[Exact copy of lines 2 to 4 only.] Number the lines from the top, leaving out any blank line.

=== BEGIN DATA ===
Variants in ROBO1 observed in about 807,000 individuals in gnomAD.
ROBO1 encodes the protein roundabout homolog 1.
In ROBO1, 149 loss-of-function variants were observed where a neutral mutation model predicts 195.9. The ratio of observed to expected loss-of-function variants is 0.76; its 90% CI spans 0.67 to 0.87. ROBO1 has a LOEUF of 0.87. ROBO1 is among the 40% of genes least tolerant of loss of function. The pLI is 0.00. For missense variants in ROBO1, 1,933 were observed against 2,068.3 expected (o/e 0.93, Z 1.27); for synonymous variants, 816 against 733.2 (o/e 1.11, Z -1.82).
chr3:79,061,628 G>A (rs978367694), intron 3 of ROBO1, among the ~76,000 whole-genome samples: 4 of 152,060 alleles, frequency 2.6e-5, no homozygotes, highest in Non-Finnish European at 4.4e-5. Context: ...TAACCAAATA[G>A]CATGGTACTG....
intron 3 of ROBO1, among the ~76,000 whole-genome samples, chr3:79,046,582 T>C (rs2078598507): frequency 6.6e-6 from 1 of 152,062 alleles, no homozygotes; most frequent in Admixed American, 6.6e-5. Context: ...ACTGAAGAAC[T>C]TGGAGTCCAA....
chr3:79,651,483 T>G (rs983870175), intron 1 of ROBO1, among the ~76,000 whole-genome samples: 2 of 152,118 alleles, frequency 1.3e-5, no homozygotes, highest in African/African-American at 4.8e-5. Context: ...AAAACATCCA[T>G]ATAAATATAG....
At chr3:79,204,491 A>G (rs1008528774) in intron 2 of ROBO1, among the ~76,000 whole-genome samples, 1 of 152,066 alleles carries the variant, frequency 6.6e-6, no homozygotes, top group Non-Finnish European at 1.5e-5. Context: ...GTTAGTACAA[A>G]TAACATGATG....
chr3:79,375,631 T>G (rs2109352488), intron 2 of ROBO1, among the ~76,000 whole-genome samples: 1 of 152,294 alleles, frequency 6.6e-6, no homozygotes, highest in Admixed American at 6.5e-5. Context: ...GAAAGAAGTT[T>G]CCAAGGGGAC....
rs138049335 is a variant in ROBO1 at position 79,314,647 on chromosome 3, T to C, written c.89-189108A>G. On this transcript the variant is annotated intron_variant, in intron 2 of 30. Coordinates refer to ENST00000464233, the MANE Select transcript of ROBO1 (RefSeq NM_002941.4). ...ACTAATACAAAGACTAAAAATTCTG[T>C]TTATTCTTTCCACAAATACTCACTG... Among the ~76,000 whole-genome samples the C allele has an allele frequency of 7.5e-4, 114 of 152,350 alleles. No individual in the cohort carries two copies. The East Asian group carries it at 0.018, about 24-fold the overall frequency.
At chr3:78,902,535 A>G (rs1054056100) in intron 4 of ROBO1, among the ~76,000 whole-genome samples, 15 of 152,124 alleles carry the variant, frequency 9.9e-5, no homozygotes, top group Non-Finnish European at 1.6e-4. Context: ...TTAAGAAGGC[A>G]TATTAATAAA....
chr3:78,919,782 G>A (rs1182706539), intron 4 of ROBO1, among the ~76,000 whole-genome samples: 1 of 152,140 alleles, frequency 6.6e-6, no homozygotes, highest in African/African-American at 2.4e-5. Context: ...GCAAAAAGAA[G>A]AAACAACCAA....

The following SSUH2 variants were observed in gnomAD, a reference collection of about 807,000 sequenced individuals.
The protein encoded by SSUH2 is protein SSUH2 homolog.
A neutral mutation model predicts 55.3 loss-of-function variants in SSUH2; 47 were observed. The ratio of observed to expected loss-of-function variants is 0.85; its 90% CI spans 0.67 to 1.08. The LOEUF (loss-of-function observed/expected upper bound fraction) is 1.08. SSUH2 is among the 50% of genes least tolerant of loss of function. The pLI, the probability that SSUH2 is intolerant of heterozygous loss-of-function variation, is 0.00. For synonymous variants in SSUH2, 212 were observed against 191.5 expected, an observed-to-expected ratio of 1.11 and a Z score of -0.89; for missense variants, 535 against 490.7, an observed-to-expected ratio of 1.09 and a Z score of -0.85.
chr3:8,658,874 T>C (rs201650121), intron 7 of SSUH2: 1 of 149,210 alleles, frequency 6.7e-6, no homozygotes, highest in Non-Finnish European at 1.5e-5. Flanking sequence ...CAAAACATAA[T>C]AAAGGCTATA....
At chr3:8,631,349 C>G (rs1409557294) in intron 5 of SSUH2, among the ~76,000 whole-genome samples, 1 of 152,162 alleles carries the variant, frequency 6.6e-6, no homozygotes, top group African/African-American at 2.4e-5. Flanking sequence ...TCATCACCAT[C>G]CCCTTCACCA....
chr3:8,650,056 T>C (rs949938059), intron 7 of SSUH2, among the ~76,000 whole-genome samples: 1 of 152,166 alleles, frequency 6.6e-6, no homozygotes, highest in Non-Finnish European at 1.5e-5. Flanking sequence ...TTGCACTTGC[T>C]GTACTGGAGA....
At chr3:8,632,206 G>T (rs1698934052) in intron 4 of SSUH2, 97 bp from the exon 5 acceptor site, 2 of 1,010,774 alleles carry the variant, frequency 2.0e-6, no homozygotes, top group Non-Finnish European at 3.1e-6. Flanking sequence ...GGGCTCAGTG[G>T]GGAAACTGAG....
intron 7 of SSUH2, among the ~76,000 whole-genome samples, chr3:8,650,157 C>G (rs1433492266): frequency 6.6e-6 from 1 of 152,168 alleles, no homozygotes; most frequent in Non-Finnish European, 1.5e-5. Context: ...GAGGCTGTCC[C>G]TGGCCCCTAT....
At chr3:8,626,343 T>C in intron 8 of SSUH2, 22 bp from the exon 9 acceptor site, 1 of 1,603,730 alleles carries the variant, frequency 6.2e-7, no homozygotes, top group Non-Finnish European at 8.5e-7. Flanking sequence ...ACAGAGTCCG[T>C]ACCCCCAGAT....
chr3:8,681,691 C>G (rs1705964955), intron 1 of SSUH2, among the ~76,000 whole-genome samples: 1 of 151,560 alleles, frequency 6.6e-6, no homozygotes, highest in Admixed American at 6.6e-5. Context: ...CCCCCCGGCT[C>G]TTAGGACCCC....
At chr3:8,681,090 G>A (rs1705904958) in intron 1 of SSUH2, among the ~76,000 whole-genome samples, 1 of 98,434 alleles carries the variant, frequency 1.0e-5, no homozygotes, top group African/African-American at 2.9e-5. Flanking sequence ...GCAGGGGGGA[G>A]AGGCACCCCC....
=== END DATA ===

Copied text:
ROBO1 encodes the protein roundabout homolog 1.
In ROBO1, 149 loss-of-function variants were observed where a neutral mutation model predicts 195.9. The ratio of observed to expected loss-of-function variants is 0.76; its 90% CI spans 0.67 to 0.87. ROBO1 has a LOEUF of 0.87. ROBO1 is among the 40% of genes least tolerant of loss of function. The pLI is 0.00. For missense variants in ROBO1, 1,933 were observed against 2,068.3 expected (o/e 0.93, Z 1.27); for synonymous variants, 816 against 733.2 (o/e 1.11, Z -1.82).
chr3:79,061,628 G>A (rs978367694), intron 3 of ROBO1, among the ~76,000 whole-genome samples: 4 of 152,060 alleles, frequency 2.6e-5, no homozygotes, highest in Non-Finnish European at 4.4e-5. Context: ...TAACCAAATA[G>A]CATGGTACTG....